Doug Merrill

Writer, editor, translator, project manager, reformed bookseller. Currently based in Berlin, following stints in Moscow, Tbilisi, Munich, Washington, Warsaw, Budapest and Atlanta. Also blogs at A Fistful of Euros, though less frequently than here these days.

Most commented posts

  1. The Goblin Emperor by Katherine Addison — 7 comments
  2. The Stone Sky by N.K. Jemisin — 6 comments
  3. Tooth and Claw by Jo Walton — 5 comments
  4. Every Heart a Doorway by Seanan McGuire — 5 comments
  5. Mort by Terry Pratchett — 5 comments

Author's posts

May 05 2011

Premature Evaluation: Yalta by S.M. Plokhy

Did FDR give away too much at Yalta? Was Churchill sketching out percentages of influence in Eastern and Southeastern Europe with Stalin? How far did Stalin’s plans for annexations run? And was the Cold War inevitable? In Yalta: The Price of Peace, S.M. Plokhy goes to the literature and the archives with these questions, and …

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Permanent link to this article: http://www.thefrumiousconsortium.net/2011/05/05/premature-evaluation-yalta-by-s-m-plokhy/

Jan 11 2011

Taking Stock of 2010: Books

Undemanding reading, with one or two exceptions, appears as the hallmark of 2010. Belated reaction to the economic crisis? Lack of initiative after spending several months with Count Tolstoy in 2009? Hard to say. The exceptions: Armenian Golgotha by Grigoris Balakian, a survivor’s testimony from the time of his arrest in 1915 in Istanbul to …

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Permanent link to this article: http://www.thefrumiousconsortium.net/2011/01/11/taking-stock-of-2010-books/

Jan 27 2010

The Discovery of France by Graham Robb

Mostly in lieu of a proper review, excerpts from The Discovery of France by Graham Robb, the best non-fiction book I read in 2009. (Tough competition, too: In Europe: Travels Through the Twentieth Century by Geert Mak, Gold and Iron by Fritz Stern and To the Castle and Back by Vaclav Havel were all top …

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Permanent link to this article: http://www.thefrumiousconsortium.net/2010/01/27/the-discovery-of-france-by-graham-robb/

Jan 24 2010

Taking Stock of 2009: Books

Instead of a straight-up best-of list, a slightly more eclectic look back at what I read in 2009. Best large Russian book, Tolstoy’s big one; best small Russian book (and most scurrilous of any nationality) Moscow to the End of the Line by Venedikt Erofeev. Best fantasy, parts two through four of the Princess of …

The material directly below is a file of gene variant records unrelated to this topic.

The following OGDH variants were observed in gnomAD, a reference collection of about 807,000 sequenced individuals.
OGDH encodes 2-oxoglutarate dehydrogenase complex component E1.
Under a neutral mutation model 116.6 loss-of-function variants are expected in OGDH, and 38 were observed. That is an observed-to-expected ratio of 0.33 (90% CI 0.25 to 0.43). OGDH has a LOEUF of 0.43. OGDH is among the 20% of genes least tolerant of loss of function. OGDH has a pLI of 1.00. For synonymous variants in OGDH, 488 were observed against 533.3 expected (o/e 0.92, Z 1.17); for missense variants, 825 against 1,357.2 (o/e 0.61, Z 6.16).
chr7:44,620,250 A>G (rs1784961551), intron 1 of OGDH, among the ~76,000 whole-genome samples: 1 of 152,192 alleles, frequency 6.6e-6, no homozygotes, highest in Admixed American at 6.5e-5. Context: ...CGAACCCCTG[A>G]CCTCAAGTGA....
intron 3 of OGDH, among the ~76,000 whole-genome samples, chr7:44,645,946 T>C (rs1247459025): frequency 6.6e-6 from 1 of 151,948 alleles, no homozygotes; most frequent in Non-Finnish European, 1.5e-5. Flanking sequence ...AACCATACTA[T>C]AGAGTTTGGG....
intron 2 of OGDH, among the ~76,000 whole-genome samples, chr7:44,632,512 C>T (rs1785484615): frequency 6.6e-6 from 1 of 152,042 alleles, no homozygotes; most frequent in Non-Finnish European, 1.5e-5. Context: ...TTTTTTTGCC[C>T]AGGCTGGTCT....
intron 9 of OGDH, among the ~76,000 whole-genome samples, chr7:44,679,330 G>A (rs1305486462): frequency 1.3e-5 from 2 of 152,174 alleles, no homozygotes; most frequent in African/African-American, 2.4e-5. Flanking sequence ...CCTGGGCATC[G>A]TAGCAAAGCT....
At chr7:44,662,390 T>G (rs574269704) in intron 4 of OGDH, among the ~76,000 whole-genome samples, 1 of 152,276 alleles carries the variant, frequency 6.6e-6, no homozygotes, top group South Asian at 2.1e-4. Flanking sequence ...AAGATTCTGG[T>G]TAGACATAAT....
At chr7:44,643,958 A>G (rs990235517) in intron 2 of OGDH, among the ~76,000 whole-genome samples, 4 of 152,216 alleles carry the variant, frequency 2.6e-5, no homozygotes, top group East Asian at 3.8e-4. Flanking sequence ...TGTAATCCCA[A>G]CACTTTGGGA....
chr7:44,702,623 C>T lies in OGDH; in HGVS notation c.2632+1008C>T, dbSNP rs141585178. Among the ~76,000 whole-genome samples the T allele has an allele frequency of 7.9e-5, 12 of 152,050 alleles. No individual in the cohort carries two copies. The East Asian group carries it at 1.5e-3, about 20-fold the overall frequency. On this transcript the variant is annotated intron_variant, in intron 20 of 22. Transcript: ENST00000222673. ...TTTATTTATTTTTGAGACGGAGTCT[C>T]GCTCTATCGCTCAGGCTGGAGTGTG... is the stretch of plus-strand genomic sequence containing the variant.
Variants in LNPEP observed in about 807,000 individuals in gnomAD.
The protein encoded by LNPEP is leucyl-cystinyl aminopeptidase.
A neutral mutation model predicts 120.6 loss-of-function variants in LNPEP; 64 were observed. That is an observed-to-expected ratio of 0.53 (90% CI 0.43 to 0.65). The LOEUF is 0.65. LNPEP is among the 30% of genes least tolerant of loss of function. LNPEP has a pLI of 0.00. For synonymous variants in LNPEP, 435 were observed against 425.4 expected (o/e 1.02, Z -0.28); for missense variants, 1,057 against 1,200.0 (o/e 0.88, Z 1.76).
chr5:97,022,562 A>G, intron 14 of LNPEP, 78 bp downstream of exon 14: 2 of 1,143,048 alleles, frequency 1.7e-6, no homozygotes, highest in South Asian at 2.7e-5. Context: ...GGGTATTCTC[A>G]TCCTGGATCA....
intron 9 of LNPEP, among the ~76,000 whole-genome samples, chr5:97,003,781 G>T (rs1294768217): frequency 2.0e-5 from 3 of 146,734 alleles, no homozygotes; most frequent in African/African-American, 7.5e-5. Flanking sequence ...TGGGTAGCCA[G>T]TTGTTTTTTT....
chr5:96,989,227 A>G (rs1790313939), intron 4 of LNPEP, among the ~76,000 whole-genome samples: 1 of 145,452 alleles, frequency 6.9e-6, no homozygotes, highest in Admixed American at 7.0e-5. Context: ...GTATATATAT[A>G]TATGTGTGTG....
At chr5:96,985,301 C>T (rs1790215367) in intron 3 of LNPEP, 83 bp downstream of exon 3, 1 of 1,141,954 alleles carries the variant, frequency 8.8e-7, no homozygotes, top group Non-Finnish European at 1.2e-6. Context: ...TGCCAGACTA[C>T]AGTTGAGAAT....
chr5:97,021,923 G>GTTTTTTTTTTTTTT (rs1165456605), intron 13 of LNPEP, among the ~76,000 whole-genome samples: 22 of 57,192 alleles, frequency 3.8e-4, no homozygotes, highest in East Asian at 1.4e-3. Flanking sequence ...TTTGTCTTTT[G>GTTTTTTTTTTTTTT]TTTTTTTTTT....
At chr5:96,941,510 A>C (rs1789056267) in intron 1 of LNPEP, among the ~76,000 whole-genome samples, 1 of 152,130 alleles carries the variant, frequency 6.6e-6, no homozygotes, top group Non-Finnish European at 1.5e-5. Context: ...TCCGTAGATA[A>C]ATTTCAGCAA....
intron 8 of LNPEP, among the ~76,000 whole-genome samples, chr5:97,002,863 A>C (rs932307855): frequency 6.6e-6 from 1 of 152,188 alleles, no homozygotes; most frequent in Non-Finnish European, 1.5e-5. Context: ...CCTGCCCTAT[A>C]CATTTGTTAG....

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Permanent link to this article: http://www.thefrumiousconsortium.net/2010/01/24/taking-stock-of-2009-books/

Oct 27 2009

Rory the Tory?

File under “Who knew?” The Guardian reports that Rory Stewart has been selected as a candidate for the UK’s parliament from a safe (10,000 majority) Conservative seat. In one of those moves that makes me think that parliamentary systems are odd sometimes, one of his first actions will be to move so that he actually …

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Permanent link to this article: http://www.thefrumiousconsortium.net/2009/10/27/rory-the-tory/

Jul 08 2009

Gold and Iron, by Fritz Stern

“This is a book about Germans and Jews, about power and money. It is a book focused on Bismarck and Bleichröder, Junker and Jew, statesman and banker, collaborators for over thirty years. The setting is that of a Germany where two worlds clashed: the new world of capitalism and an earlier world with its ancient …

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Permanent link to this article: http://www.thefrumiousconsortium.net/2009/07/08/gold-and-iron-by-fritz-stern/

May 12 2009

White Eagle, Red Star by Norman Davies

Just a few short weeks after the end of World War I on the Western Front, Poland and Soviet Russia started fighting again, skirmishing on their poorly defined border that built into full-scale invasions over the next year. Davies’ book White Eagle, Red Star: The Polish-Soviet War 1919-1920 tells this complex story clearly and incisively. …

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Permanent link to this article: http://www.thefrumiousconsortium.net/2009/05/12/white-eagle-red-star-by-norman-davies/

Mar 01 2009

Sentence of the Day

For a small break from Brussels and the economic crisis: Nothing fades so quickly or so tackily as a Soviet resort. One of the lighter observations (on p. 139) from The Spirit-Wrestlers by Philip Marsden, a journey across southern Russia and the Caucasus in search of various religious non-conformists who fell afoul of both Russian …

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Permanent link to this article: http://www.thefrumiousconsortium.net/2009/03/01/sentence-of-the-day/

Feb 19 2009

Aid Worker Shashlik

From Geert Mak’s visit to Sarajevo in 1999: Batinic leans over and looks me straight in the eye. ‘Tell me, Geert, honestly: what kind of people are you sending us anyway? The ones at the top are usually fine. But otherwise, with only a few exceptions, the people I have to deal with are third-class …

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Permanent link to this article: http://www.thefrumiousconsortium.net/2009/02/19/aid-worker-shashlik/

Feb 16 2009

Sentence of the Day

Describing some events in the last months of 1989: Meanwhile, an unknown KGB agent in Dresden, Vladimir Putin, had tried to pile so many documents into a burning stove that the thing exploded In Europe, by Geert Mak, p.718 I’m nearing the end of the book, and it’s living up to my initial impression. More, …

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Permanent link to this article: http://www.thefrumiousconsortium.net/2009/02/16/sentence-of-the-day-2/